Safer Streets require real-time video analytics
Safer Streets require real-time video analytics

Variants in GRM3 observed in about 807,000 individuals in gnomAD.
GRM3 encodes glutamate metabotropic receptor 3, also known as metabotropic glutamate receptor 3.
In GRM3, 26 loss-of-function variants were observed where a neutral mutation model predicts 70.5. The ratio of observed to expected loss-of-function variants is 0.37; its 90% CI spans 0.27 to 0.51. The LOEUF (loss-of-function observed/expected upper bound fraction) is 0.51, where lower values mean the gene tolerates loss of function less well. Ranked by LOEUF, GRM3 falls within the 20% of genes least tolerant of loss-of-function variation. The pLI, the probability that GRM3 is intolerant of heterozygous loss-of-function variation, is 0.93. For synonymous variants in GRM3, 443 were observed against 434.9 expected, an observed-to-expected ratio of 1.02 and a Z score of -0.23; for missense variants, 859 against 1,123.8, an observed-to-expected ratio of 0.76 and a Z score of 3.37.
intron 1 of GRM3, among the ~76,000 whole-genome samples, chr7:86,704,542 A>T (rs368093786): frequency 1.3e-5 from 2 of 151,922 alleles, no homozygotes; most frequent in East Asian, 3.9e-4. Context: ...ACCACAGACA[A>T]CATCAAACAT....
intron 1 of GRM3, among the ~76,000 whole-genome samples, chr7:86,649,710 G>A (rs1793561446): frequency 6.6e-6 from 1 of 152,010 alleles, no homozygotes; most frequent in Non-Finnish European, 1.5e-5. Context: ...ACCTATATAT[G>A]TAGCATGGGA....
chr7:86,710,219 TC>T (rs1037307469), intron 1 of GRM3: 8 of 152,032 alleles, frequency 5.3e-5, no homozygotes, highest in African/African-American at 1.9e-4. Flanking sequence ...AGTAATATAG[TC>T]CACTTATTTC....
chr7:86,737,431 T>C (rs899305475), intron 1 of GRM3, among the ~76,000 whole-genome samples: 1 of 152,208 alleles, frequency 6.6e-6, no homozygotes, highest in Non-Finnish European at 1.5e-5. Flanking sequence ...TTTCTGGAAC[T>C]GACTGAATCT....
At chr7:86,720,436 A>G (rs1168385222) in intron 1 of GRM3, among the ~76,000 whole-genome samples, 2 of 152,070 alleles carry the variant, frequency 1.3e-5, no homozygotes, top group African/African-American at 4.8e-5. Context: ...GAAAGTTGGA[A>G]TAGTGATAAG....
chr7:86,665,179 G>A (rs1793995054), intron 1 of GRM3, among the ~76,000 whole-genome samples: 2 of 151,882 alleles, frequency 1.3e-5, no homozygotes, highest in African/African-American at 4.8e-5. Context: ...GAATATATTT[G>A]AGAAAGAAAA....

The UK government recently announced a doubling of the Safer Streets Fund to £45 million, as it seeks to reassure the public that safety is a top priority, as the night-time economy makes a return. More than just surveillance While this funding increase is much needed, it’s vital that the government and local councils use the money strategically, or risk missing out on a great opportunity to deliver real change and enhance safety across the United Kingdom. One of the main strategies cited by the government is to increase the current vast number of CCTV cameras installed across the country, despite the fact that the UK is already one of the most surveilled nations in the world. Investing in video analytics London alone has around 700,000 cameras, but to effectively monitor them all would be an incredibly inefficient use of manpower and require a huge number of staff. Therefore, I believe the clearest and most cost-effective way for this project to succeed in its overall mission, is by investing in smarter technology, such as video analytics. Incorporating video analytics into existing infrastructure is the clear solution This technology offers a more efficient use of resources, faster response times and enables more informed, time-critical decision making, when reacting to unfolding events in real time. Incorporating video analytics into existing infrastructure is the clear solution, as the technology enables legacy assets, such as analogue CCTV cameras, to become more than just after the fact evidence gathering tools and instead be used to help enhance real-time responses to unfolding incidents. Artificial intelligence-enabled solutions Artificial intelligence-enabled solutions are trained using vast datasets of images and video footage, in order to better understand people, objects and vehicles that are captured on film, and they continue ‘learning’ and improving, while in use. The system’s algorithms analyse and prioritise input from video data to decide which inputs are of value, automatically classifying the footage and notifying security personnel accordingly. This reduces response times by notifying CCTV operators of an incident, as it happens, meaning law enforcement and security personnel can react faster and intervene in an ongoing situation. Edge technology and real-time video streaming A key consideration should be choosing a technology that can operate at the edge and deliver real-time video streaming, even at the lowest bandwidths, so it isn’t limited to use in areas with good connectivity, which would exclude most remote areas. Quality really does matter and technology that can operate over low bandwidths is crucial for allowing operators to zoom in on areas of interest, such as a car number plate or face, and retrieve full-resolution images that can make a real difference in ongoing investigations. Analytics-based security approach Introducing an analytics-based security approach would also help curtail the rising cost of tackling crime Introducing an analytics-based security approach would also help curtail the rising cost of tackling crime. Research conducted by the UK’s Labour Party recently found that the annual cost of crime reached a staggering £100 billion. While statistics show that crime rates in general have been fairly stable over recent years, experts point to the increase in specific types of violent crime, such as knife crime which rose by over 20% during 2020. Implementing smart analytics-based technology Implementing smart analytics-based technology would help maintain staffing costs, as the system can identify incidents without an operator’s input, as well as reducing the cost of managing crime, as more incidents will be intervened in before they escalate too far. This dramatically reduces the burden on staff and allows a single surveillance operator to monitor many more cameras. On the other hand, this level of automation also reduces false alarm fatigue and operator overload, which can quickly sap efficiencies and reduce operator alertness, if left unchecked. Data driven problem-solving approach to crime prevention Procurement officials should avoid the common mistake of simply doubling down and throwing more staff and security assets at the problem to bring results. Instead, they should take a more data driven problem-solving approach to crime prevention by leveraging technologies that can enhance response and preserve their existing investments in cameras. The smart use of real-time video analytics could make the difference by preventing dangerous situations from escalating into serious incidents.